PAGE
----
• Approval with suggestion pull request (PR) culture: We had a lot of tests to migrate but reviewing each other’s code within 24 hours and leaning towards approving with suggestions helped us keep our velocity up throughout the effort.

  • Alignment, alignment, alignment: In software development work, it can be hard to prioritize efforts to pay down tech debt or push for engineer-led efforts. We found that clear communication between the migration owner and leaders from other bodies of work helped us be really clear on bandwidth and how and when we’d prioritize this effort. Being organized on the engineering side so that we could push for the effort during a natural lull in the product life cycle was an additional key to helping us get the effort prioritized.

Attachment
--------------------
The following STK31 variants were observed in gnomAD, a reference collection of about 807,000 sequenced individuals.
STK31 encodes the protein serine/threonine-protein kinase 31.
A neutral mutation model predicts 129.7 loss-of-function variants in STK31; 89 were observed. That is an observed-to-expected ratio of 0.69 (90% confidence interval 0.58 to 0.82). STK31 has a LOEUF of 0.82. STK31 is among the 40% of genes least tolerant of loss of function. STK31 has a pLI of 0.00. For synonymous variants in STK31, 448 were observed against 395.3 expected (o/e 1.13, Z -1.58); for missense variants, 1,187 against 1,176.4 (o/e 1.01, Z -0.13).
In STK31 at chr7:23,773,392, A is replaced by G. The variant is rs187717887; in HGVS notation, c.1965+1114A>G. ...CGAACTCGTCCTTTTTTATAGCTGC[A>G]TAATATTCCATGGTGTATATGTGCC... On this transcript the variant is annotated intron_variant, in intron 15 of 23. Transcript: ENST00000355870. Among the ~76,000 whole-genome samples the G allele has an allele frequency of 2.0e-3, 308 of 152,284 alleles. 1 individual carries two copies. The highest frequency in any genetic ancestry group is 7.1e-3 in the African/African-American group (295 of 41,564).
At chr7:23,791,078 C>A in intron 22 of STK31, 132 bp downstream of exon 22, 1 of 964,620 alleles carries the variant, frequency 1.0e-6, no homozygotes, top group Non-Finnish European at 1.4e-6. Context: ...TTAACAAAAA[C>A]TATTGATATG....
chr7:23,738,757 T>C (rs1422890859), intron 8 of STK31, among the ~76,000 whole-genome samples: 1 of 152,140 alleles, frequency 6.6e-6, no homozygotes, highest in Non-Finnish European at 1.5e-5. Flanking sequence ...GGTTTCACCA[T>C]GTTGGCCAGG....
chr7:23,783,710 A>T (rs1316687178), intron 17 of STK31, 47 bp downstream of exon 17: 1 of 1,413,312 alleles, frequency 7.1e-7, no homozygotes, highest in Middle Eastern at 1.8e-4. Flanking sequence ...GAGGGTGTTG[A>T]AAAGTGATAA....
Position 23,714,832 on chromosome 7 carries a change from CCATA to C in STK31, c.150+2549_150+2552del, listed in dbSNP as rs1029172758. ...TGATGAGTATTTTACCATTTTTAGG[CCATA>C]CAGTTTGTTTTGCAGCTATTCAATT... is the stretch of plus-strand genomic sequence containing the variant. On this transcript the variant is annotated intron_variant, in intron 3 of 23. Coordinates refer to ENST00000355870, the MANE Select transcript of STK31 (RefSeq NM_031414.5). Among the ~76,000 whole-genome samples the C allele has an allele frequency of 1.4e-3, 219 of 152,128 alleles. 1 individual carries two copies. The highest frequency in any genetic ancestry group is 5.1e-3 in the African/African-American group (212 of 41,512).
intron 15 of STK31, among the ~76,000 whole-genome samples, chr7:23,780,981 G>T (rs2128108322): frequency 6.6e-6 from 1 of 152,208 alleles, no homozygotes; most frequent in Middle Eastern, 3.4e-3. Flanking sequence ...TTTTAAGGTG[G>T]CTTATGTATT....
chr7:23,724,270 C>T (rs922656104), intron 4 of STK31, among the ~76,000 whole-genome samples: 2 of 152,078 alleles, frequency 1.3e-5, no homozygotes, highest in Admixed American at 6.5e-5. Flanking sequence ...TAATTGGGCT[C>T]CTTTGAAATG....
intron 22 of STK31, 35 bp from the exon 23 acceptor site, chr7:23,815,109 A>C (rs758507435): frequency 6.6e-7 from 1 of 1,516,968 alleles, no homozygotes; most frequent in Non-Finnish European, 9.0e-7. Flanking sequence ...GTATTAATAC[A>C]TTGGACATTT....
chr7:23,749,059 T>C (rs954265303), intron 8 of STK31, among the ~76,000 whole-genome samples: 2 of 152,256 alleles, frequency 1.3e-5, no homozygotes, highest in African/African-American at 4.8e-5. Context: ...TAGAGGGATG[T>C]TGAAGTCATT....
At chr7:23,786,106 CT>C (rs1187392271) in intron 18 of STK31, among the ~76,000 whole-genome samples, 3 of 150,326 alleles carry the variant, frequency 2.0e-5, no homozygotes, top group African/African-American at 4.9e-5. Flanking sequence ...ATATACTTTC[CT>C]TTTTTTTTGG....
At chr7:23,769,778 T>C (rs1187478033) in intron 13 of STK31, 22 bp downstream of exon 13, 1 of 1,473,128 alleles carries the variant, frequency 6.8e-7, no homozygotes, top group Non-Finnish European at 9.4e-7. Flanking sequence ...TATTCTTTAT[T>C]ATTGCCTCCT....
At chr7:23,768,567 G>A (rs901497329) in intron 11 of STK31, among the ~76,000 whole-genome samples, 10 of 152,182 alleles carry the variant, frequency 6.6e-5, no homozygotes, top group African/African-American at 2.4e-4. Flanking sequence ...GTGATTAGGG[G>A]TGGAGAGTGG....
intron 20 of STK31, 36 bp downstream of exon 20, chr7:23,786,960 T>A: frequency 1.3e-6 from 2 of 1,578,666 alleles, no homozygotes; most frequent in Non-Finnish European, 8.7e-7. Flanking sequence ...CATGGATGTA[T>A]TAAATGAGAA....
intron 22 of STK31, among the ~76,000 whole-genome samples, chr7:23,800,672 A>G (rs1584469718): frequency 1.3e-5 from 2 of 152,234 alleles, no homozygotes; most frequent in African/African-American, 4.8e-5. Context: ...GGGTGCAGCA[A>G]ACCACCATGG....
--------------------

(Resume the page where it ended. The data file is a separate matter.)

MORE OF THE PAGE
Reducing duplication by integrating Storybook and automated testing

While React Testing Library puts accessibility at the forefront and mimics how a human would interact with a web application, Storybook enables us to build and view user interface (UI) components in isolation. Storybook is perhaps most well known as an invaluable tool for component documentation, rapid prototyping, and core design system specifications. More recently (and the focus of our discussion here), Storybook has also become a foundation on which to build most automated tests for frontend components.

While creating Storybook stories is straightforward and relatively simple, there is the potential for it to feel like just yet another step on a checklist standing between a developer and the completion of a feature. We want to maximize the utility of tools like this while minimizing the burden on the development process.